2014-10-20

Join us!

The Warlords of Draenor expansion is looking to be the most fun and noob-friendly I've seen Blizzard make World of Warcraft. The game is finally in a state where I can genuinely recommend it to a new player. Check out these videos from Blizzard with short and neat intros to the available classes. Maybe one of them is something you'd want to play!

At $15 per month, WoW is by far the best bang for the buck you'll get for an entertainment hour. Hookers, restaurants, theater, opera, cinemas, bars, and legal and illegal drugs can't compare with that bargain. What I can't promise, however, is that you won't want to play too much. :)

2014-10-15

Bill Gates in favor of progressive tax on consumption

I can't believe it! Bill Gates agrees with me! Not that he even knows of me, of course. But in today's article about economic inequality, he dismantles the popular compulsion to counter inequality with debilitating income or capital taxation, and argues in favor of a progressive consumption tax.

I've been making this argument for a while - on this blog, most recently here.

2014-10-11

Politically Correct Asshole

A person who, instead of just saying things, concerns themselves with statements and observations about ways in which it's okay to say things.

2014-10-07

It's not a vitamin, it's a hormone - and we lack it

Dr. Stasha Gominak makes a solid case in this presentation for the following:
  • In her experience with migraine patients, she discovered that 90% have a sleep disorder. Headaches in patients she tried to treat with medicines for years improved in a matter of months if she sent them to a sleep study, which got them a CPAP device to help them sleep.
  • But CPAP devices are awkward and intrusive. After experiencing success by improving sleep, Dr. Gominak discovered her patients have something else in common - a vitamin D deficiency.
  • She began researching vitamin D, and found that:
    • It's not a vitamin, it's a hormone. A vitamin is something we must get from food; a hormone is something our body produces to regulate its processes. We produce D-3 through our skin, and it deeply affects the entire body. We can't get it in sufficient quantity from food, except from pills.
    • We produce D-3 (cholecalciferol) only when exposed to sun during the summer. D-3 is synthesized from exposure to UVB rays, which are absent in the winter.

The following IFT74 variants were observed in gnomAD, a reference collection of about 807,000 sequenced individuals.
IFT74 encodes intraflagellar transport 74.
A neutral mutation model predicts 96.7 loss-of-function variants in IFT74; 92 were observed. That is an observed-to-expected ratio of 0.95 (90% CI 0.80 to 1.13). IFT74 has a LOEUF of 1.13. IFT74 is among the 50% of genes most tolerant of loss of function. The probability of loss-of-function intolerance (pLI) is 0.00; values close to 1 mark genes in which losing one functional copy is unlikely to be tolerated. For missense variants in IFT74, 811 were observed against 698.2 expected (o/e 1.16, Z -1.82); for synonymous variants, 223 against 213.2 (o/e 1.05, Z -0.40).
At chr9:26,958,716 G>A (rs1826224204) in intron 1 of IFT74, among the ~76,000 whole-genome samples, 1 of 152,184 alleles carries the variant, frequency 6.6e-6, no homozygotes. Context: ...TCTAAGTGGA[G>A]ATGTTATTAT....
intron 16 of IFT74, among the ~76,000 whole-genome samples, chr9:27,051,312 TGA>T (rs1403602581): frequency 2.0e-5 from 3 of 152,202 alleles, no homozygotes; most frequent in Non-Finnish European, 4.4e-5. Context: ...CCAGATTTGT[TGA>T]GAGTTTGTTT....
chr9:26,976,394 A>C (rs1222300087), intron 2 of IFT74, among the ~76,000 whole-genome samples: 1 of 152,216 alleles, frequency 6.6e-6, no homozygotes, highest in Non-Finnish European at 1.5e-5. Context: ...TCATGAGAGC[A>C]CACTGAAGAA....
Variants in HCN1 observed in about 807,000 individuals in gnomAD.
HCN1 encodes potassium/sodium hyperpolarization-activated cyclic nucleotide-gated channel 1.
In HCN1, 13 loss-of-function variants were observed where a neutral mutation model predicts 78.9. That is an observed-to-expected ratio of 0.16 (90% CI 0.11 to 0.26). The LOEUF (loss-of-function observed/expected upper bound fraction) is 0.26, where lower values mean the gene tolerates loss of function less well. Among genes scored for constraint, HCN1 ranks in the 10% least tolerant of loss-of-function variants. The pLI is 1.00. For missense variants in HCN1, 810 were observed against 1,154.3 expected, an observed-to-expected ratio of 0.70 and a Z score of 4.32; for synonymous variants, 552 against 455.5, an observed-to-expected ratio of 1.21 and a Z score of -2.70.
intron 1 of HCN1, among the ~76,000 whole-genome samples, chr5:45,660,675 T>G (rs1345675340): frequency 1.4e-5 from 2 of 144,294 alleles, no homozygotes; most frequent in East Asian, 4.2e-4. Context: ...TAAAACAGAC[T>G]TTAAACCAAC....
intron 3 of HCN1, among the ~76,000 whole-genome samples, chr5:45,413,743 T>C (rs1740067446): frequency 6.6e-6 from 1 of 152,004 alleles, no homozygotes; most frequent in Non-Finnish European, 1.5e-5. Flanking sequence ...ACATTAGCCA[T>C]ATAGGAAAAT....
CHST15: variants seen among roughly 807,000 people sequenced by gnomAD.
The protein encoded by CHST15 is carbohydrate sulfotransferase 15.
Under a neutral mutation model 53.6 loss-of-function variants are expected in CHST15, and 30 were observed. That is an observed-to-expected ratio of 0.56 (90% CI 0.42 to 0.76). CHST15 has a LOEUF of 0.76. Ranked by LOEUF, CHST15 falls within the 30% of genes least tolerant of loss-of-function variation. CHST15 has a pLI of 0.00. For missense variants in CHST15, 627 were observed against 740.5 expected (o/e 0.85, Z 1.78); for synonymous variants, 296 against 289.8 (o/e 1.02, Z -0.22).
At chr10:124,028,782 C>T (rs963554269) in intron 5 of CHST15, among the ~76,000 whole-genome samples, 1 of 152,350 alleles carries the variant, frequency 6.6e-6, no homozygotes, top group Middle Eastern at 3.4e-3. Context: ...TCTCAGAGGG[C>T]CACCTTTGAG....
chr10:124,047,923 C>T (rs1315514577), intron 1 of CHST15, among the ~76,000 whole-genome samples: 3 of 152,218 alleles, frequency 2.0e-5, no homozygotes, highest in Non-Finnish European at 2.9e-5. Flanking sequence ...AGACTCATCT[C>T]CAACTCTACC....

• Vitamin D-2 (ergocalciferol) is not something humans produce, it's something that was discovered in rats. Rats are nocturnal animals, they get their version of this hormone by eating a fungus.
    • D-3 regulates a bunch of things in the body, from metabolism to sleep. D-3 is what enabled our ancestors to sleep 6 hours in the summer, eat 10,000 calories in a sitting, and work all day. Then in winter, dropping levels of D-3 caused their metabolism to slow down, depression to set in, and sleep to be longer, improving survival.
    • Most of us now spend our time indoors, with little sun exposure. We are operating on a permanent winter metabolism, with all its symptoms: fat accumulation, depression, sleep.
  • After applying this to her practice, Dr. Gominak's experience suggests:
    • Fixing D-3 deficiency fixes sleep. Sleep, in turn, fixes symptoms exhibited by patients, including: migraines, hypertension, heart disease, stroke, memory problems, depression, autoimmune disease, balance difficulties, pain, infertility, endometriosis.
    • Dosage is an issue. Too much D-3 causes the same types of symptoms as too little. The blood level to aim for is 60 - 80 ng/ml of D25OH. 50 causes problems; so does 95.
    • Reliability of pills is an issue. D-3 is over-the-counter, and is not subject to requirements for prescription drugs. A pill does not have to contain the amount listed on the label, and frequently doesn't.
    • 1,000 IU per day is probably too little, while 10,000 IU is probably too much. The right dose depends on the person - where you live, how much time you spend in the sun, what skin color you have. People with dark skin create D-3 much slower.
    • Prenatal vitamins don't have nearly enough D-3 for the mom and the baby (only 400 IU).
    • D-2 (ergocalciferol) is for rats. It probably does not help humans, and might even hurt by competing with D-3.
I highly recommend this video of Dr. Gominak's presentation; I found it concentrated and engaging. She also maintains a website with this information.

My subsequent posts on this topic: